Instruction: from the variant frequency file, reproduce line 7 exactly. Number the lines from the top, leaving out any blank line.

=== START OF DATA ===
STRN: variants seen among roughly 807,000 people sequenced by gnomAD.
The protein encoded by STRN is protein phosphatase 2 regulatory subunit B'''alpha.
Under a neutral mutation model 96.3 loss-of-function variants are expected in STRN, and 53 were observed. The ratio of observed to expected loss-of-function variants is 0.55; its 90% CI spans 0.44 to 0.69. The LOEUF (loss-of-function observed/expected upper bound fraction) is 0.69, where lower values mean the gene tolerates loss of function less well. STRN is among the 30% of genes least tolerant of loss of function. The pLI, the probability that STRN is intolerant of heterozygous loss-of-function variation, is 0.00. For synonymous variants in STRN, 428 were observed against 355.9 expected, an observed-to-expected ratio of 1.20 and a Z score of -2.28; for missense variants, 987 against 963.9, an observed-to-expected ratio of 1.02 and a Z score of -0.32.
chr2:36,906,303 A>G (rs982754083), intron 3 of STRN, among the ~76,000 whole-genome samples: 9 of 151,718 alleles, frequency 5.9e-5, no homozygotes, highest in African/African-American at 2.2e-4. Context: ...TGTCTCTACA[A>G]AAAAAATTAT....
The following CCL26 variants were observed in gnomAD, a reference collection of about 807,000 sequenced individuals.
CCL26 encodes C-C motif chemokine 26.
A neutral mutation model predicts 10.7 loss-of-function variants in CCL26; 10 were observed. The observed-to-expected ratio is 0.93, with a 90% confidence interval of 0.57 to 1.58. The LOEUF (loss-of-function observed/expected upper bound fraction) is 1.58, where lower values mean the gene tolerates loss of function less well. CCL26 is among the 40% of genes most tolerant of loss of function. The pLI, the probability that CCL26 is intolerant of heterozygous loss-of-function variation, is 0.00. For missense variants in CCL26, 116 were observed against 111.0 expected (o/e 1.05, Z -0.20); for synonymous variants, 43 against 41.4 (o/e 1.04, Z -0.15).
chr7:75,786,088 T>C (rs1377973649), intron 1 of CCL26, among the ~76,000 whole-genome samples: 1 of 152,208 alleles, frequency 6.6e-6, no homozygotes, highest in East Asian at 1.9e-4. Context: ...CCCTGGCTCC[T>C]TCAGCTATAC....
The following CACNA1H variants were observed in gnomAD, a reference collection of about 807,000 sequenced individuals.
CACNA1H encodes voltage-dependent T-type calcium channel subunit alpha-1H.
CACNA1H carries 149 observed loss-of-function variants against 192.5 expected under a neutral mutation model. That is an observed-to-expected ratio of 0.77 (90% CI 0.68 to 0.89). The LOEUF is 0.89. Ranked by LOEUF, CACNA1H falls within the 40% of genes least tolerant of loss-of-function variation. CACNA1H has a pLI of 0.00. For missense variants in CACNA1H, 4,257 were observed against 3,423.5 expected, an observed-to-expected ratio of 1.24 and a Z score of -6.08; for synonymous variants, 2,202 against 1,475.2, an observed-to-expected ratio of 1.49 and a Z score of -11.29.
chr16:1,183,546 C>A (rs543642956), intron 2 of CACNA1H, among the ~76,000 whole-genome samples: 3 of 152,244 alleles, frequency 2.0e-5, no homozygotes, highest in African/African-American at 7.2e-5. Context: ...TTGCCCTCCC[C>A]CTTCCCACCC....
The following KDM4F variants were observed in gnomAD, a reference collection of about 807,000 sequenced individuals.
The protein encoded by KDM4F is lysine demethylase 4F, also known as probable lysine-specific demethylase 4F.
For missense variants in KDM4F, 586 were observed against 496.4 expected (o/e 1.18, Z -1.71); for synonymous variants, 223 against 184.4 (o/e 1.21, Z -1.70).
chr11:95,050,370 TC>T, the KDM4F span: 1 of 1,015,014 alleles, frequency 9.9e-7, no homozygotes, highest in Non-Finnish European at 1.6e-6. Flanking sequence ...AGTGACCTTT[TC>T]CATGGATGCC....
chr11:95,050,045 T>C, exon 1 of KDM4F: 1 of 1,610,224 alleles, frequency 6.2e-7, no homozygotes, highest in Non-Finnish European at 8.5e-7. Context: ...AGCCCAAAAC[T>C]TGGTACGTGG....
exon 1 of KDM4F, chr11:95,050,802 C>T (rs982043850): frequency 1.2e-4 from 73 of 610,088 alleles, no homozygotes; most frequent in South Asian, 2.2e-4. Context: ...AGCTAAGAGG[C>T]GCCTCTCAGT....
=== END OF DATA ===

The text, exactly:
A neutral mutation model predicts 10.7 loss-of-function variants in CCL26; 10 were observed. The observed-to-expected ratio is 0.93, with a 90% confidence interval of 0.57 to 1.58. The LOEUF (loss-of-function observed/expected upper bound fraction) is 1.58, where lower values mean the gene tolerates loss of function less well. CCL26 is among the 40% of genes most tolerant of loss of function. The pLI, the probability that CCL26 is intolerant of heterozygous loss-of-function variation, is 0.00. For missense variants in CCL26, 116 were observed against 111.0 expected (o/e 1.05, Z -0.20); for synonymous variants, 43 against 41.4 (o/e 1.04, Z -0.15).